For an idea of how vast Australia really is, ask Nedd Brockmann. He found out the hard way.
When Brockmann arrived on Sydney’s Bondi Beach on Monday – tucked under his unmistakable bleach-yellow baseball cap – it marked the end of a 2,456-mile (3,953 km) journey that began in 47 days in Australia. in advance
It’s hard for the 23-year-old to know where to start when recounting the physical toll he’s taken on his body since setting off from Perth’s Cottesloe Beach last month: numerous injuries, constant joint pain, sleep deprivation, blisters or even maggots growing on his toes.
All of which explains the joy and relief etched on Brockmann’s face when he finally arrived at Bondi – Australia’s iconic surfing beach – and marked it by draining champagne from his sweat-soaked shoes.
“I went through hell and back 10 times to get there – all the injuries, all the sun, the rain, the road trains, the road kill, the weather, the headwinds,” Brockmann told CNN Sport. “Getting over that and finally seeing that amount of people in Bondi was out of this world. I couldn’t believe it.”
Brockmann, an electrician from Forbes, New South Wales, has endeared himself to the Australian public throughout his transnational career, so much so that many are calling for him to be named Australian of the Year in 2023.
As of Friday, he has raised A$2 million ($1.26 million) – almost double his initial goal – for homeless charity We Are Mobilize on his trek across Australia, covering an average of more than 50 kilometers a day for 47 days.
Brockmann ran before the pandemic, mainly as a way to lose weight. His passion for the sport began to grow, and so did the length of his races: from half marathons to marathons to ultramarathons, up to 62 kilometers.
In 2020, he decided to run 50 marathons in 50 days and raised around A$100,000 ($63,000) for the Red Cross.
Her hunger for the challenge only increased, as she set her sights on running across Australia earlier this year and finally hit the road on September 1, beginning a journey that would take her to the edge of her physical limits and beyond.
The first major setback came on day 12, when severe inflammation around a tendon in his shin prevented Brockmann from running. He drove 14 hours with his team to get an MRI and, after receiving three injections to dull the pain, returned 14 hours to continue running on his planned route, now armed with an ankle brace to help lift his foot off the ground.
And that would not be the only physical obstacle he would face.
“(There was knee pain), I had a lot of foot pain, IT [iliotibial] the bands were gone, my hips were pretty broken, my glutes — it was pretty much around, the injuries,” says Brockmann.
“If you’re going to get injured, you’re going to get injured with the miles we run. It’s in your head then; it has nothing to do with physicality, it’s a mental game.”
In addition to his injuries, he was chronically sleep deprived (Brockmann says he survived on two hours of sleep a night for the first three weeks, and the constant challenge of consuming 8,000 to 10,000 calories a day to compensate). 12,000 was burning.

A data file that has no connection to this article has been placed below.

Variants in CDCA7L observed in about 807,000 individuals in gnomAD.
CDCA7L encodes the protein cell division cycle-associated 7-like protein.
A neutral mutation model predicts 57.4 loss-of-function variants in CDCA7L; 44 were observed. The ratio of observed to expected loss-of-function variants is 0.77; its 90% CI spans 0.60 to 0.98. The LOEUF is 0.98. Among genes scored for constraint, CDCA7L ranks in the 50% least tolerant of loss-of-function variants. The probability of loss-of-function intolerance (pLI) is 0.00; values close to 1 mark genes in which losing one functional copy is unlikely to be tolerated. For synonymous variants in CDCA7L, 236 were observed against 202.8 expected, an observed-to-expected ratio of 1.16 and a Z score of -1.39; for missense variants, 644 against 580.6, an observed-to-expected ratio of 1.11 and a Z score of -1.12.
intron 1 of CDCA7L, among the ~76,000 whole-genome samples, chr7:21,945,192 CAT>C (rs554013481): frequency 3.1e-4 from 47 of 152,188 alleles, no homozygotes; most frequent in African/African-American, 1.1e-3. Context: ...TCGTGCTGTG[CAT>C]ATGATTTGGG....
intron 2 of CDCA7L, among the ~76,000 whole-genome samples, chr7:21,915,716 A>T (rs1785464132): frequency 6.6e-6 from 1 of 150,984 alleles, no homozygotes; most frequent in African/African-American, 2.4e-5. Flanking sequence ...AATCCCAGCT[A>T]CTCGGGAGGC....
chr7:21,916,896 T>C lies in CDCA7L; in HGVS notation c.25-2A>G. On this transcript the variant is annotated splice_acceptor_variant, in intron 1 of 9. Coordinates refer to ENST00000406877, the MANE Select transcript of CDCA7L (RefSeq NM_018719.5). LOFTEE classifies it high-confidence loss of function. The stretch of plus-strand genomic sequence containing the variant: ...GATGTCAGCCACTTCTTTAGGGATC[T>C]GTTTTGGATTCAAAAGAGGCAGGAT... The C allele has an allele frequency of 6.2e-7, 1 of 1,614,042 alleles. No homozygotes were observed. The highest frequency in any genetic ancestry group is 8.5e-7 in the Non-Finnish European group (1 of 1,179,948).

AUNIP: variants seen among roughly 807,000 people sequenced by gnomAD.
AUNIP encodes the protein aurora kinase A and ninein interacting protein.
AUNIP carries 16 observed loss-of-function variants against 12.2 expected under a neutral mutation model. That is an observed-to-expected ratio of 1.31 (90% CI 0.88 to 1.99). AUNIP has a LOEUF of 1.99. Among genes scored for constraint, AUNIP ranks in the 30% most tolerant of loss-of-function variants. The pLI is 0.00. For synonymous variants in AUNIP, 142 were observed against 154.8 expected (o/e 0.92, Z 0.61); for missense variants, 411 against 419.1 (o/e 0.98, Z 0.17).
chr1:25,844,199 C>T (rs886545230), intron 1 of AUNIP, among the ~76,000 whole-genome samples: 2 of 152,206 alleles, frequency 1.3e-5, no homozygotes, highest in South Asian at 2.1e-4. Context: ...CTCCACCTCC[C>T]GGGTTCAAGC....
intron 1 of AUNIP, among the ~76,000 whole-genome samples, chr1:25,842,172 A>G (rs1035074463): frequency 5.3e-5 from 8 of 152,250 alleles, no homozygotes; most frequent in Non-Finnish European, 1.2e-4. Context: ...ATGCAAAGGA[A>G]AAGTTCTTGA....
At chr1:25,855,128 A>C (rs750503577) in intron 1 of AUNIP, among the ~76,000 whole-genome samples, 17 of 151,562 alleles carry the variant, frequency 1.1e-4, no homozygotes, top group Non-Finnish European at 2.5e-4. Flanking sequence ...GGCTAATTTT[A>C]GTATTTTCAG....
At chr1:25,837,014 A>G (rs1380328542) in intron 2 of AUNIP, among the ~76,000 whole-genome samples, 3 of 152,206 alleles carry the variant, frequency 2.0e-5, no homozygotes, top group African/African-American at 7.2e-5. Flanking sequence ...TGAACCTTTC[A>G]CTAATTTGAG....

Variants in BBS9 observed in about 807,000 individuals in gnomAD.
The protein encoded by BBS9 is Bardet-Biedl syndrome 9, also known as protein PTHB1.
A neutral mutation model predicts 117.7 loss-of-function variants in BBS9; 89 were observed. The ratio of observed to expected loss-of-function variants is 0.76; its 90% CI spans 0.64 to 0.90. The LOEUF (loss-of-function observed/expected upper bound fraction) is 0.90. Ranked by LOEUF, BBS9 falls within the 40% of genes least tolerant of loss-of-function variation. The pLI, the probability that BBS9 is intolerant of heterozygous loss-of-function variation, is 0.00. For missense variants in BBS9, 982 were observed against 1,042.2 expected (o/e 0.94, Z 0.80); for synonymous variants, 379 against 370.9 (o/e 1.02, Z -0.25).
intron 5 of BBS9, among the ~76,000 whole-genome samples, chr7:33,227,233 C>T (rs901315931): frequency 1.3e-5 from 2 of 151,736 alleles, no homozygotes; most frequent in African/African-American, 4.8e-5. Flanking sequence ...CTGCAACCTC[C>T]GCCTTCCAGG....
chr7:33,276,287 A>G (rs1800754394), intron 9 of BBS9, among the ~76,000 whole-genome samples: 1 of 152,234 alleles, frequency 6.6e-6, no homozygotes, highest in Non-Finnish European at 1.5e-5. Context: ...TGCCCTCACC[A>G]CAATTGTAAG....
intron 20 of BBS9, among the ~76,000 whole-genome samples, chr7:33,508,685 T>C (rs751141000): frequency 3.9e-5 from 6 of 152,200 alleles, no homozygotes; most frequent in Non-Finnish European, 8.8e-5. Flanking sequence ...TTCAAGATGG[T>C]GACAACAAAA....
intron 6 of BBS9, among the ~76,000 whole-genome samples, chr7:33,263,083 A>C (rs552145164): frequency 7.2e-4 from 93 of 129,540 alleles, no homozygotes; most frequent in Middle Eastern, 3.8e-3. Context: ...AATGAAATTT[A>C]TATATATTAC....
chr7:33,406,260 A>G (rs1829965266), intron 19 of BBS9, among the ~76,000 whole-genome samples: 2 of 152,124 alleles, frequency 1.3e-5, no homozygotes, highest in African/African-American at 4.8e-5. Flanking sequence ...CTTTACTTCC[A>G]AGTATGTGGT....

“Oatmeal with a banana and coffee in the morning,” she says of her diet, “and then I was eating bacon and egg rolls—two of them—apple coins, pancakes, donuts, ham and cheese croissants, chicken wraps, ham and cheese toast. Name it, I was eating it.”
Mostly riding alongside side traffic on Australia’s long, straight roads, Brockmann had to contend with 30-tonne trucks from time to time.
“The third vehicle is a big road train with four trailers, three on top of the trailer, trying to get me off the road,” he says. “So that was quite unnerving… and when some of the wind goes past you – it drags you down the track and blows you away. With my little figure I was throwing it now.”
During the 47-day journey, Brockmann learned to endure. “If you’re comfortable, you’re comfortable” became the mantra that signed off her daily Instagram posts, along with updates about the pain coursing through her body.
“I’ve never seen an athlete like him, who can take pain and keep going,” Brockman’s physio wrote in an Instagram post this week. “He has redefined the pain and suffering that someone can endure.”
Brockmann says otherwise. “I think it was 70-80%: we’re in the depths of hell,” he says, “and 20% was pretty good.”
After weeks of waking up at 3.30am to avoid running in the relentless Australian heat as much as possible, Brockmann is now ready for bed. He has no immediate plans to return to his day job as an electrician, but is taking time to reflect on what he has just achieved.
He was four days away from completing Australia’s fastest foot crossing, but he reckons that turned out to be a blessing in disguise.
“People were so inspired to get up every day, and that’s what this race became,” says Brockmann. “I think if everything was based on the record I wouldn’t have that support; we wouldn’t have collected that money and we wouldn’t be where we are today.”
And for all the pain he’s been through and the relief he feels now that the hours spent walking on the side of the road are over, a part of him will miss the highs and lows of the past seven weeks.
“I know I’m going to crash and go pretty low,” Brockmann says. “It’s all about talking about it, getting it out there and getting excited about life now.”